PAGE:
Posts Tagged conflict development
Writing page-turning unputdownable literature is what every author aspires to. A reader can pay few greater compliments than to say a book had kept them up all night – perhaps at the risk of going about their following day with weary eyes but a mind still churning from the residual adrenaline. What motivates a reader to commit to such happy exertion? Tension.
TENSION ON SURFACE LEVEL
Tension evokes an emotional connection between the reader and the character(s). It compels the reader to assume the interests of the character(s) as his or her own. It may even elicit physical responses in the reader as it coils and unfurls with the progression of the story – quickened breath as the stakes are raised, sigh of relief after the climax has come to pass. However, it is not to be confused with conflict.
CONFLICT AND TENSION
I’ll admit that until very recently, I believed tension and conflict to be interchangeable since they tend to work in close association. To be more accurate, conflict often leads to tension but tension is not an inevitable end of conflict. Conflict constitutes of more evident elements within the story, i.e. forces acting against each other to prevent a character from achieving his/her goal(s); tension works in the abstract and can be best defined as the anticipation that is aroused and quieted via the pieces of information that is gradually revealed during the storytelling process. Conflict is a movement within the plot that provides the story with a reason for being; tension succeeds in moving the reader in tempo of the plot by hinting at “possibilities” of what could be. However, while it is ideal that conflict helps to build tension and, thus, the reader’s need to discover “what’s next”, once again, this is only possible where the reader has formed an emotional connection with the characters, scenes, and situations in the story.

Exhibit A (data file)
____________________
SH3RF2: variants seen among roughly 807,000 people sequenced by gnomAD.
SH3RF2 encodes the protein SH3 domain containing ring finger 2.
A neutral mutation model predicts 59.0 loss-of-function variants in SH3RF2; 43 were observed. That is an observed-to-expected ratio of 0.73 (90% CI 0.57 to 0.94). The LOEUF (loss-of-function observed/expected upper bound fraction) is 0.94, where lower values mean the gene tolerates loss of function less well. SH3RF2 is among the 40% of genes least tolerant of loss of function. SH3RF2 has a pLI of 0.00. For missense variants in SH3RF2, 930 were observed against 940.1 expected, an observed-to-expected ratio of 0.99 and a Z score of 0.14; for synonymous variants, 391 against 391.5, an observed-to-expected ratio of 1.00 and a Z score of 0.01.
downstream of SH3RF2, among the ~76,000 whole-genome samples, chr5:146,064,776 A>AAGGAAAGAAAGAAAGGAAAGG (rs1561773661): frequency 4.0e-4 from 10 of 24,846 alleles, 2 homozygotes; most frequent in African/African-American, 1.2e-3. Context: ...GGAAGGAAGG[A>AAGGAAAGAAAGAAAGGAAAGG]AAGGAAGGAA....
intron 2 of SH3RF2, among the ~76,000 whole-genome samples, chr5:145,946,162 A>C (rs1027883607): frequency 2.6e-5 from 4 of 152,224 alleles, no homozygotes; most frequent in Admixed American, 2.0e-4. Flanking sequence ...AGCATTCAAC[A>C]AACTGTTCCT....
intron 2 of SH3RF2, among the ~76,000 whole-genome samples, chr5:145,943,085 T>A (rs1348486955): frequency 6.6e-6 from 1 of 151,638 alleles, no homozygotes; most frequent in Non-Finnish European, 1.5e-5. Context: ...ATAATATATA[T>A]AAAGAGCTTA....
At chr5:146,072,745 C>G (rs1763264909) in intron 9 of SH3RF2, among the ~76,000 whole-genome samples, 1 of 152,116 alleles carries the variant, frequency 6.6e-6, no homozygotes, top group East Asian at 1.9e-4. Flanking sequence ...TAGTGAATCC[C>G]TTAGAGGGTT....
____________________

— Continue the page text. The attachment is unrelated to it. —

TENSION ADDING LAYERS
And since tension is build upon the uncertainty and anticipation of what is to come, it may work at various levels – from creating a momentum where the character(s) and reader absolutely share in the emotional undertaking to where the experience is exclusive to the reader – depending on how much information of the story is revealed to either/both the character(s) and the reader. Tension may exist within a particular character (inner turmoil of the protagonist), between characters (information gap resulting in misunderstanding), in every scene (moving the story forward or backward), and in the overall story (central conflict that moves towards a climax and resolution). In some instances, tension may also exist between the narrator and reader to which the character(s) may remain absolutely oblivious (an unreliable narrator perpetuating a deception). However, whatever form in which tension reveals itself to the reader, it is a vital ingredient in storytelling that ensures the author has captured the audience for the duration of the tale and, as authors, we had best know how to use it.
STIRRING UP TENSION
Characters & Conflicts That Matter. The reader is bound to be more invested in the story if it depicts character(s) with whom the reader is able to relate. Also the reader needs to be able to believe in the stakes that are raised when imposing the challenges on the character(s). When the characters are interesting and dynamic and the conflicts are compelling, the reader’s interest is piqued.
Secrets & Hesitations. A common cause for tension between characters in stories is the failure to impart relevant information. If characters made a point of always being open and honest with one another, seven out ten of challenges to their sustainable relationship would probably resolve before even occurring. And we would have no story. So instead, authors cultivate a sense of insecurity that induce character(s) to hide information from their various counterparts. In return, such actions not only spread misunderstanding but also a sense of secrecy that may lead to distrust. When villainy is the objective of the day, a character may willfully withhold information to foil the bliss of the hero/heroine. Such gaps in knowledge within the realm of the tale may lead to the audience to commiserate in the woes of the character(s), motivating them to see it through to the end.